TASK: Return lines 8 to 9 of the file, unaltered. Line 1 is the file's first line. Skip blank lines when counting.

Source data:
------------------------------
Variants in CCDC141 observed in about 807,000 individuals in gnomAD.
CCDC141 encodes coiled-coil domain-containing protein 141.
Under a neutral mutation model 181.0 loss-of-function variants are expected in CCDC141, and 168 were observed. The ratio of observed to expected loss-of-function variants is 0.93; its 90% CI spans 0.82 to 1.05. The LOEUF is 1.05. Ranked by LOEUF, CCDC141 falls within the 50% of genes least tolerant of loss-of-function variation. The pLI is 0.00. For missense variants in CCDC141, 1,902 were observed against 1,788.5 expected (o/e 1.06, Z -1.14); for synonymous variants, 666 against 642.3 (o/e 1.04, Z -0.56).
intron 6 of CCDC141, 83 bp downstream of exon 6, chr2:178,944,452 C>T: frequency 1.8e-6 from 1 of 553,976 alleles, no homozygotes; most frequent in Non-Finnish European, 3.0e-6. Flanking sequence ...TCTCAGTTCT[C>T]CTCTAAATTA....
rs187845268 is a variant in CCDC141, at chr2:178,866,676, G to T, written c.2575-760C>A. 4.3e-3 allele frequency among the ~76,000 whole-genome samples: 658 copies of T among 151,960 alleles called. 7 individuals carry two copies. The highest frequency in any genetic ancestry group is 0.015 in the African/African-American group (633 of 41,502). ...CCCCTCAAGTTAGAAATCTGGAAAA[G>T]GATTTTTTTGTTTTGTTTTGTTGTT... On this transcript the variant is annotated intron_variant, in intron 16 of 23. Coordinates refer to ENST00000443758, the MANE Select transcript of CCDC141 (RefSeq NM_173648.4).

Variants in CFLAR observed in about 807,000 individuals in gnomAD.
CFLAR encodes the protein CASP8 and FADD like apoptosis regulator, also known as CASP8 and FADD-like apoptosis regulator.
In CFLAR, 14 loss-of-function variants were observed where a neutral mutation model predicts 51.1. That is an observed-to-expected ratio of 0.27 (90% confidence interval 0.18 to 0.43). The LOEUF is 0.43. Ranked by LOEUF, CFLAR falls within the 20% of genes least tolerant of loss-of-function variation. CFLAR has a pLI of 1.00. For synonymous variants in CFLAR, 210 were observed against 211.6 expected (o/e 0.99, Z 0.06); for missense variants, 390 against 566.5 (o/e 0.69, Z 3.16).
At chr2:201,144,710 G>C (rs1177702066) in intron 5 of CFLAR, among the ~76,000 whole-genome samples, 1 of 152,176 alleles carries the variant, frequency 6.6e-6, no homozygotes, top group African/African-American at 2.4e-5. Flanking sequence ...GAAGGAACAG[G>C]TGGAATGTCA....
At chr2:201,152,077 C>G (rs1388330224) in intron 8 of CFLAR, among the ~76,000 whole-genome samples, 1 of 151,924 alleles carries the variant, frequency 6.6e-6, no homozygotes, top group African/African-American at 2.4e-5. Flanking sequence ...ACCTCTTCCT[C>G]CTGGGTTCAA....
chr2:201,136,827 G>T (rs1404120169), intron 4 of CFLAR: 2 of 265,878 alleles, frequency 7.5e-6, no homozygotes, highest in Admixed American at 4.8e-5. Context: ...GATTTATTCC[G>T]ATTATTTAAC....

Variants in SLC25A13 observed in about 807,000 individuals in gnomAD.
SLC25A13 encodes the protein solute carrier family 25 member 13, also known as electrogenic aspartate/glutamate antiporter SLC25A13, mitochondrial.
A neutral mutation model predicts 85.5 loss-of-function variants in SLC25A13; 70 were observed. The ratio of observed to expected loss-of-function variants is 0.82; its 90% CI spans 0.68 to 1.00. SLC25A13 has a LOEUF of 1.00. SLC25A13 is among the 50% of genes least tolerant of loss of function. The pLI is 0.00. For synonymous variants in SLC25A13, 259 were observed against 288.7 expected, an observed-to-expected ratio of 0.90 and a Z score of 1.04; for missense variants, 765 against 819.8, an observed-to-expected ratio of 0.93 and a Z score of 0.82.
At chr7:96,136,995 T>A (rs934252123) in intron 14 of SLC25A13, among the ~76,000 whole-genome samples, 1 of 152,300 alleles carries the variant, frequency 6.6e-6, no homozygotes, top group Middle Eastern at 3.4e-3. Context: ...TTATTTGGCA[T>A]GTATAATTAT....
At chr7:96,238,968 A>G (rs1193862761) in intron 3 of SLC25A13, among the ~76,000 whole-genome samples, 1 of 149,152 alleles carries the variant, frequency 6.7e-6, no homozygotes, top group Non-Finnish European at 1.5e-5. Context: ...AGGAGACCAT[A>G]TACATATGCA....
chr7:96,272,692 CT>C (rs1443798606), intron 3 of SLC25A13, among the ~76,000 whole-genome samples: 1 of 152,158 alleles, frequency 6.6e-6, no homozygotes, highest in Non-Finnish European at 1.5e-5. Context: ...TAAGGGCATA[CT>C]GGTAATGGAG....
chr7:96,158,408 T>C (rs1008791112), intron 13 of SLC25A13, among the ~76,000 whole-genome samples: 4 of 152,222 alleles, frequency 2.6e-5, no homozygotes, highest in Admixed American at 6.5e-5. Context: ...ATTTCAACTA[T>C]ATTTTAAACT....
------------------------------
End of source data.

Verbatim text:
In CFLAR, 14 loss-of-function variants were observed where a neutral mutation model predicts 51.1. That is an observed-to-expected ratio of 0.27 (90% confidence interval 0.18 to 0.43). The LOEUF is 0.43. Ranked by LOEUF, CFLAR falls within the 20% of genes least tolerant of loss-of-function variation. CFLAR has a pLI of 1.00. For synonymous variants in CFLAR, 210 were observed against 211.6 expected (o/e 0.99, Z 0.06); for missense variants, 390 against 566.5 (o/e 0.69, Z 3.16).
At chr2:201,144,710 G>C (rs1177702066) in intron 5 of CFLAR, among the ~76,000 whole-genome samples, 1 of 152,176 alleles carries the variant, frequency 6.6e-6, no homozygotes, top group African/African-American at 2.4e-5. Flanking sequence ...GAAGGAACAG[G>C]TGGAATGTCA....